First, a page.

Agnivesh writes to Pope on conversion
Swami Agnivesh has written to Pope Benedict XVI suggesting a moratorium on the religious conversion of "unlettered tribals" and children who cannot make an "informed choice".delhi Updated: Nov 04, 2011 02:13 IST
Swami Agnivesh has written to Pope Benedict XVI suggesting a moratorium on the religious conversion of "unlettered tribals" and children who cannot make an "informed choice".
The swami, who has been widely known for taking anti-Hindutva positions and not been a stranger to controversy - including his high-profile break with Team Anna recently - may have stirred another controversy with this letter. Here, his position has an uncanny similarity with, among others, Hindutva ideologues opposed to conversion.
"We should advocate a moratorium on converting persons who are not yet mature to weigh options, including the option not to align with any particular denominational religion. After all, how can an infant or an unlettered tribal exercise an informed choice?" Agnivesh's letter says.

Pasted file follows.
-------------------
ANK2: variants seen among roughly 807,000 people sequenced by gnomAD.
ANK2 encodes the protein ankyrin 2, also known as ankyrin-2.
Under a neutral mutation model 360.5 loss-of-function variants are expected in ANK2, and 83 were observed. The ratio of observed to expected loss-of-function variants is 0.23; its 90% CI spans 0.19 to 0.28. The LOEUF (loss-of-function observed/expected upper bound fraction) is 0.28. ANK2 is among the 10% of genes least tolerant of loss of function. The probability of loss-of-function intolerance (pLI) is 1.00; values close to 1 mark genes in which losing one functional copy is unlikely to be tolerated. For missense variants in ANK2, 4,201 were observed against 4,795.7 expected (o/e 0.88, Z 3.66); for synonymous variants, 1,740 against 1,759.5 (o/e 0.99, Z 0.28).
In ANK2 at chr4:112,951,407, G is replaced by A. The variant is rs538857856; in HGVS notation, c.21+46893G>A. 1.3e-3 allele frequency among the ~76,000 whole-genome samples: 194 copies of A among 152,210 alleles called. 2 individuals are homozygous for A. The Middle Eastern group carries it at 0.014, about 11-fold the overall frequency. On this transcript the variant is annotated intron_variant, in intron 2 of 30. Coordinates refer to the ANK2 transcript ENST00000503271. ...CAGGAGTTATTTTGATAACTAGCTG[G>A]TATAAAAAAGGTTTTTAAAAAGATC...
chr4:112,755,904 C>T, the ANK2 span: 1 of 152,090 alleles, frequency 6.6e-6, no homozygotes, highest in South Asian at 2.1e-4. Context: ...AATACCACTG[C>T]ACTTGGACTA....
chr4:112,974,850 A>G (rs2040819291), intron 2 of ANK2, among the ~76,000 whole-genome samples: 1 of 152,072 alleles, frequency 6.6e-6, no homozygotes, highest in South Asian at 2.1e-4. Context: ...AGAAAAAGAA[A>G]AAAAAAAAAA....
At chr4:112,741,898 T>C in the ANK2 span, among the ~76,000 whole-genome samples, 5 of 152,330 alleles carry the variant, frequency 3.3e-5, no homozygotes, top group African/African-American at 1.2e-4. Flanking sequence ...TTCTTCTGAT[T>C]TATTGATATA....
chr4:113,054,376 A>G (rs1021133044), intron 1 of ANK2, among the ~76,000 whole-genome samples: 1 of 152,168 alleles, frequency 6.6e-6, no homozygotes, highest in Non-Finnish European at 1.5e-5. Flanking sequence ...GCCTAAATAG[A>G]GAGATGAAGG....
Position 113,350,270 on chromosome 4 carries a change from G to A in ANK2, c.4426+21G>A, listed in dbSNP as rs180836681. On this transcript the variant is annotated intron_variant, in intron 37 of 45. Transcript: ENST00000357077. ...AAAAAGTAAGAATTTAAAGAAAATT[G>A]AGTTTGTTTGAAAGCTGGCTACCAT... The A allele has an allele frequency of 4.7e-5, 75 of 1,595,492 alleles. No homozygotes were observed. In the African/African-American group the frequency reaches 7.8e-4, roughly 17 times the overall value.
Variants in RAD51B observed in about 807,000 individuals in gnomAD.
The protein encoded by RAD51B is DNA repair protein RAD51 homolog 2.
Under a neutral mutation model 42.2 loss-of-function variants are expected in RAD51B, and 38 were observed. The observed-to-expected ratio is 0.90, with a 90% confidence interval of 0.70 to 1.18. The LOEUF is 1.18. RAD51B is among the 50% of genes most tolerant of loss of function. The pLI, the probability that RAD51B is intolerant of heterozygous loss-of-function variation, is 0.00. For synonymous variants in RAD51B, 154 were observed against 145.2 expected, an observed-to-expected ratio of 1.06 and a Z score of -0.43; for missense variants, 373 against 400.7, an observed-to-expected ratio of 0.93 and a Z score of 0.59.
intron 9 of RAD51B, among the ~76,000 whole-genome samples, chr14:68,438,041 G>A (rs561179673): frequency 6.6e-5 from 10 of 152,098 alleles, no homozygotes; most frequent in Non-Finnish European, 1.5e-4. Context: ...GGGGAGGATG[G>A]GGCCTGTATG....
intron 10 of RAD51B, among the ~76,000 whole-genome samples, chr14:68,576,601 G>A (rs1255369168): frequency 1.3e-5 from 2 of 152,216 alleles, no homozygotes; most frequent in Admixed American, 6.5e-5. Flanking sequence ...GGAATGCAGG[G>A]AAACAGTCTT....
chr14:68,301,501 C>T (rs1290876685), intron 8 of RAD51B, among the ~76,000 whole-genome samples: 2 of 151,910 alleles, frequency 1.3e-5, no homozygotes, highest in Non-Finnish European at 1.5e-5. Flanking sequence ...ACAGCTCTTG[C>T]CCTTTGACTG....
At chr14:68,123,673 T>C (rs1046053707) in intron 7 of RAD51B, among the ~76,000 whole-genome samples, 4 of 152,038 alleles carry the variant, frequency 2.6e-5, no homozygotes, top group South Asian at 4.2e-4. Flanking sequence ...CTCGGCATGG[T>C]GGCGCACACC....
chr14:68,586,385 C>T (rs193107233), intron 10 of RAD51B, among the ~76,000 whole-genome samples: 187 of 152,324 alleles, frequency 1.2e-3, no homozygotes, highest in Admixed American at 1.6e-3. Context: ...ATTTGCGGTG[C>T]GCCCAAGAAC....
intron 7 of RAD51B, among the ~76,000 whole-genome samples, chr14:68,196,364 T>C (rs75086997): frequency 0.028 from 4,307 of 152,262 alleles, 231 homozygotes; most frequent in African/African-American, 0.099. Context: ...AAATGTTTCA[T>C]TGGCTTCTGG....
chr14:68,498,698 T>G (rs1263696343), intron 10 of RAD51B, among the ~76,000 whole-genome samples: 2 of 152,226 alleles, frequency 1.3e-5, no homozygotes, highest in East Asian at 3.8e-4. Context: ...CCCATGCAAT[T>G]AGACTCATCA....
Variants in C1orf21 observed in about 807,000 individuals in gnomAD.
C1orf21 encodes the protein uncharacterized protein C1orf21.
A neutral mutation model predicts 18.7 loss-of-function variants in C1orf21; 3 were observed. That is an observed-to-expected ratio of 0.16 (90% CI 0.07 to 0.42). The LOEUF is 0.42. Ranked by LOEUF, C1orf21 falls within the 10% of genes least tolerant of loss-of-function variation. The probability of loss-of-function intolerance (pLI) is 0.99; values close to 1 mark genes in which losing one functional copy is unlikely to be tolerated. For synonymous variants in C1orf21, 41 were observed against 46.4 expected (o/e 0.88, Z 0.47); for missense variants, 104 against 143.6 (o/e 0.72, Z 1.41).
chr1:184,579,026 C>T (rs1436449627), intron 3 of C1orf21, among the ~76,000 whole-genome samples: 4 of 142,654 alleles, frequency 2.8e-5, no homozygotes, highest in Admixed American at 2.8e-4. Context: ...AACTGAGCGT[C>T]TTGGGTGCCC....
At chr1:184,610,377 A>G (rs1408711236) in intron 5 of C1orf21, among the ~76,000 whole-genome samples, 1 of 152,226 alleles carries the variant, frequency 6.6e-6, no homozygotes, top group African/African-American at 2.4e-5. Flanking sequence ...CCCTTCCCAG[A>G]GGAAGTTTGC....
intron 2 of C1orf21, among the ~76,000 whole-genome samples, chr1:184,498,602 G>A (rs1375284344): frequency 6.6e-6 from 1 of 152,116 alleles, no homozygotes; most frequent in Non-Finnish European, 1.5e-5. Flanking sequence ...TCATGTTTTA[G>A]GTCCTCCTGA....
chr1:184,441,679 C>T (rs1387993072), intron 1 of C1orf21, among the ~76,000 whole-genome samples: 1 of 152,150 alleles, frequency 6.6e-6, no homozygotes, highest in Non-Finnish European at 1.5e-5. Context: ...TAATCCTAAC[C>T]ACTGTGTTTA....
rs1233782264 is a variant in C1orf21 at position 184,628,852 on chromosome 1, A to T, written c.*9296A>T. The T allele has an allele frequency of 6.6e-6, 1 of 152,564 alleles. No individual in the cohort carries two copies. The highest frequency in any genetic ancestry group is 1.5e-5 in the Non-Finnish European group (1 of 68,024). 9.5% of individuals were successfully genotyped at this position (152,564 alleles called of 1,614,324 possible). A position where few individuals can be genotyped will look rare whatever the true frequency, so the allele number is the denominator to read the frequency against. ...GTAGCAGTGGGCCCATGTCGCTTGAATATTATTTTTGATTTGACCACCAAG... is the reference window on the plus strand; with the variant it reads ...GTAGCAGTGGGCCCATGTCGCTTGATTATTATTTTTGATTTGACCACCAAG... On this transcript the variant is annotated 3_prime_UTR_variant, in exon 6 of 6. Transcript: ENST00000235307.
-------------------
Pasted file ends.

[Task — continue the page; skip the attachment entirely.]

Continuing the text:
Agnivesh wrote the letter in response to a letter he got from the Pope on Diwali, which celebrated religious freedom, including the "freedom to change one's religion". Disapproving of this sentence, Agnivesh replied: "This is bound to ignite strong reactions in a country like India. We have suffered a great deal at the hands of persons and organisations who have insisted that the only way people can be saved is for them to give up their own faiths and adopt the faith that is being proffered to them by missionaries and mullahs."
Agnivesh, however, insisted that he was saying all this as a friend who had been in the forefront of taking up the causes of people of other religions being targeted by Hindu fanatics.
The Arya Samaj, to which Agnivesh swears loyalty, was a 19th century Hindu reformist movement speaking against caste hierarchies, idol-worship, superstitions and religious formalism and celebrating the Vedas as the prime sources of knowledge.
It, however, was critical of Christian missionaries and often had hostile terms with Indian Islam. Agnivesh has usually espoused a more 'secular' line.